GPS Admins more valued than Teachers?

Budget cuts 3 years ago meant stripping stipends from Elementary teachers and foregoing a pay raise of 2.2% for administration.  Although many administrators make well over 6 figures, the 2.2% pay raise was reinstated in 2010 for the 2011/12 school year while at the same time admins decided that what previously constituted a stipend for extra work, is now a regular part of the job.  Recommendations from committees on this subject are conflicting.  Sub-commitees in various areas made recommendations to an advisory committee where recommendations were altered to reflect the current district attitude… it’s all part of the job.  Meanwhile, admins receive a pay increase while teachers and far too many in the private sector face cuts, shortages, or unemployment.

Governing Board Clerk, EJ Anderson reversed her position from the meeting on 7/26 where she reiterated the recommendations of the sub-committee on elementary music to restore stipends and agreed with their postion adding her comments that she felt the board should recognize the recommendations of the sub-committees and go with their direction.  Then, on 8/9 she made little comment but rather followed the lead of board member Helen Hollands who recommended following the district recommendations for no stipends.  Hollands remained relatively consistent with her original stance from months before while in the process publically stating a distaste for tabling issues and then herself tabling the issue only minutes after berating the practice in the meeting on 7/26 and asking the administration for information on costs and number of teachers affected should stipends be awarded.

Board members Staci Burk and Shane Stapley asked for more information how the recommendations were determined and what metrics were used to measure stipend value.  During multiple board meetings, Stapley asked district administration if this information would be made available prior to 7/26 with assurances of the same.  

During the meeting on 7/26, Stapley stated his frustration with the district for failing to meet committments.  GPS Superintendent, Dr. Dave Allison stated that he had been on vacation and had arrived back into town only the day before and was unable to properly inform board members while he was away.  A report from Advisory Committee member and Human Resources Director, Jeff Filloon was made available to board members mid-day.  Stapley commented that the report arrived only hours before the board meeting and that the paper was dated 7/26 wondering if the information was prepared the day of.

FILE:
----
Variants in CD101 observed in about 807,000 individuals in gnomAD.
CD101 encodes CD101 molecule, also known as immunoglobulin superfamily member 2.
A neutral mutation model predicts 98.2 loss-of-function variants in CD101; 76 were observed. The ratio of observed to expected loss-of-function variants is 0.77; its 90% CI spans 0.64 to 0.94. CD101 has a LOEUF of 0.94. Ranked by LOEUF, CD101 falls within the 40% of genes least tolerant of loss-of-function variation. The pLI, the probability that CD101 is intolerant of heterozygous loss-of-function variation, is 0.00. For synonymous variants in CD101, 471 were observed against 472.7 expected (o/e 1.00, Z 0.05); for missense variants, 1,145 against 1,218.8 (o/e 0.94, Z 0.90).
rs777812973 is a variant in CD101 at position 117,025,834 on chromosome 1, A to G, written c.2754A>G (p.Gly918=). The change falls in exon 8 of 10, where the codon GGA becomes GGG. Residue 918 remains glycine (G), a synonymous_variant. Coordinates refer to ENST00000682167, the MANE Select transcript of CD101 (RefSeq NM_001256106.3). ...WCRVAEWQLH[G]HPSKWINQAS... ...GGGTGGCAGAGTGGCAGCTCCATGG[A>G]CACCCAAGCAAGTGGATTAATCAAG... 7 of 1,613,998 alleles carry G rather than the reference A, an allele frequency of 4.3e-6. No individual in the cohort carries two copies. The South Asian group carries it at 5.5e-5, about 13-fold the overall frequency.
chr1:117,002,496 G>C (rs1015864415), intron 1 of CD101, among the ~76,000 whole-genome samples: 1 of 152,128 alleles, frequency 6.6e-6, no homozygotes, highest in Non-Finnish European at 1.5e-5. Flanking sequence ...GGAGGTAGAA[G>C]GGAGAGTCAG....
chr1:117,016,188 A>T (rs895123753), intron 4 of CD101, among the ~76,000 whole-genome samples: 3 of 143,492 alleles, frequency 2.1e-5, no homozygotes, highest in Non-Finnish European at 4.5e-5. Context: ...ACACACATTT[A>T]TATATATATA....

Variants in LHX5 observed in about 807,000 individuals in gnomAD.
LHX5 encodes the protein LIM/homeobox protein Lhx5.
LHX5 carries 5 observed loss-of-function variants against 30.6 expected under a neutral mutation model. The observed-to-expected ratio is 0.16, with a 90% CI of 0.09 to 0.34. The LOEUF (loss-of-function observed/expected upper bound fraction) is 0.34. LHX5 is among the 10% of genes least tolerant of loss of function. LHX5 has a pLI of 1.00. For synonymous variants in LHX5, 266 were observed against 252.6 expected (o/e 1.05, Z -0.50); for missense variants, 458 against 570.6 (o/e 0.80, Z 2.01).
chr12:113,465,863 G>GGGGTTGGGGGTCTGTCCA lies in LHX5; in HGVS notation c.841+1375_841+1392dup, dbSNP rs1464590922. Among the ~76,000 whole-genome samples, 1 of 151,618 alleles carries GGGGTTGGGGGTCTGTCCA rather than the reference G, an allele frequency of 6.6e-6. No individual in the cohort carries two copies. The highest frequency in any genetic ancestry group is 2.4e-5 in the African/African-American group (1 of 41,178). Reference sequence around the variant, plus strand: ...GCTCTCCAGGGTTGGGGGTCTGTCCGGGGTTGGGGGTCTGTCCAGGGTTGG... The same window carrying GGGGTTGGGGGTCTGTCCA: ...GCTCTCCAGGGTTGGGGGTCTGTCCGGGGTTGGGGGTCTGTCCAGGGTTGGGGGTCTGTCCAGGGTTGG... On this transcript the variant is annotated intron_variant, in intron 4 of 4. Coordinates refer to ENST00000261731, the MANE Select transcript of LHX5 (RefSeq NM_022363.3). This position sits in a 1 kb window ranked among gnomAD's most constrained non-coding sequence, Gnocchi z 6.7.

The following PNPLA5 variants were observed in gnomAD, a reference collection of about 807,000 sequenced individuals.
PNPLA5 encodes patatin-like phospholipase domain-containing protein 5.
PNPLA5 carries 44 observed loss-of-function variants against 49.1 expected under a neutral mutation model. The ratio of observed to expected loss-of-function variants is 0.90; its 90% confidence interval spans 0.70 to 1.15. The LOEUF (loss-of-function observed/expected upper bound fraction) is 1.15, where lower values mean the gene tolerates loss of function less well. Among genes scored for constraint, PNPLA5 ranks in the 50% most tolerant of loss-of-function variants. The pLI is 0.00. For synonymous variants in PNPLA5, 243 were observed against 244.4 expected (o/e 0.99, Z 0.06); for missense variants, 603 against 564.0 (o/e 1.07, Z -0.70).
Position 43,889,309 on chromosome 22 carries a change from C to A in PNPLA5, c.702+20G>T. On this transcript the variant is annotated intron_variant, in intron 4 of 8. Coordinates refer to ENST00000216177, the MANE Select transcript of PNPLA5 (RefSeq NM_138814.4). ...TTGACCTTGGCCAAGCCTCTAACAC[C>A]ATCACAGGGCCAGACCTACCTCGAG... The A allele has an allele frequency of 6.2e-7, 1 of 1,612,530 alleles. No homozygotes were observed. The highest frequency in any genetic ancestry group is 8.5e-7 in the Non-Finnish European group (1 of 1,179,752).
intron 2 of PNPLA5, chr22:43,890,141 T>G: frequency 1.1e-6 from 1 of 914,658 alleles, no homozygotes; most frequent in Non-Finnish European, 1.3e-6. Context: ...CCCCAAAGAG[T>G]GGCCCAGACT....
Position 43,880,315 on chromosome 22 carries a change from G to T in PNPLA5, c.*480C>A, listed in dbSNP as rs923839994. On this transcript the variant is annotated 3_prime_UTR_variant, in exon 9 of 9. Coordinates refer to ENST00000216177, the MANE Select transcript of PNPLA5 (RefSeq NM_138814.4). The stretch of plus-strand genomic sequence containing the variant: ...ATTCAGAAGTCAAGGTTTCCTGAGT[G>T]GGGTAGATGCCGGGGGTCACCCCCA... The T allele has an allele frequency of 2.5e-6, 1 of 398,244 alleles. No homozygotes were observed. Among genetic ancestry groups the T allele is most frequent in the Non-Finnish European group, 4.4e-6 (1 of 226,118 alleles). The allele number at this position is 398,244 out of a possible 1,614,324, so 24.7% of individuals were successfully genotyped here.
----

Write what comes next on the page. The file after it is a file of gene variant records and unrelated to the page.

After hours of debate and obvious lack of information, the board rejected the decision to reinstate stipendsby a 2-3 split vote.  Board members do appear to agree to directing the district to reassess the stipend program but have been less than clear on the direction for how that reassessment will be made.  Common sense causes us to wonder what was done the first time around.  The task belongs to Associate Superintendent, Nikki Blanchard who also served on the stipend advisory committee the first time around.  We hope the 2nd time around will yield improvement, but with the same folks in the driver’s seat and no new direction or clarification it’s anyone’s guess what will result.  The process certainly has not been shared openly, and parent supporters and teachers alike would certainly like to know the ingredients to the secret sauce.

Interestingly, in late 2010, GPS governing board members approved $100,000 for a strategic plan initiative from an outside consultant that arguably should be part of the job description of the superintendancy.  During the process of evaluating the merits of such a decision, then board candidates Staci Burk and Shane Stapley spoke out in opposition to the strategic plan citing excessive costs and the idea that such interests should be part of the district administration’s job description.  Ironically, it appears that the elementary school teachers paid for the strategic plan via loss of their stipends.  90 teachers times $1,200 dollars each totals to $108,000.

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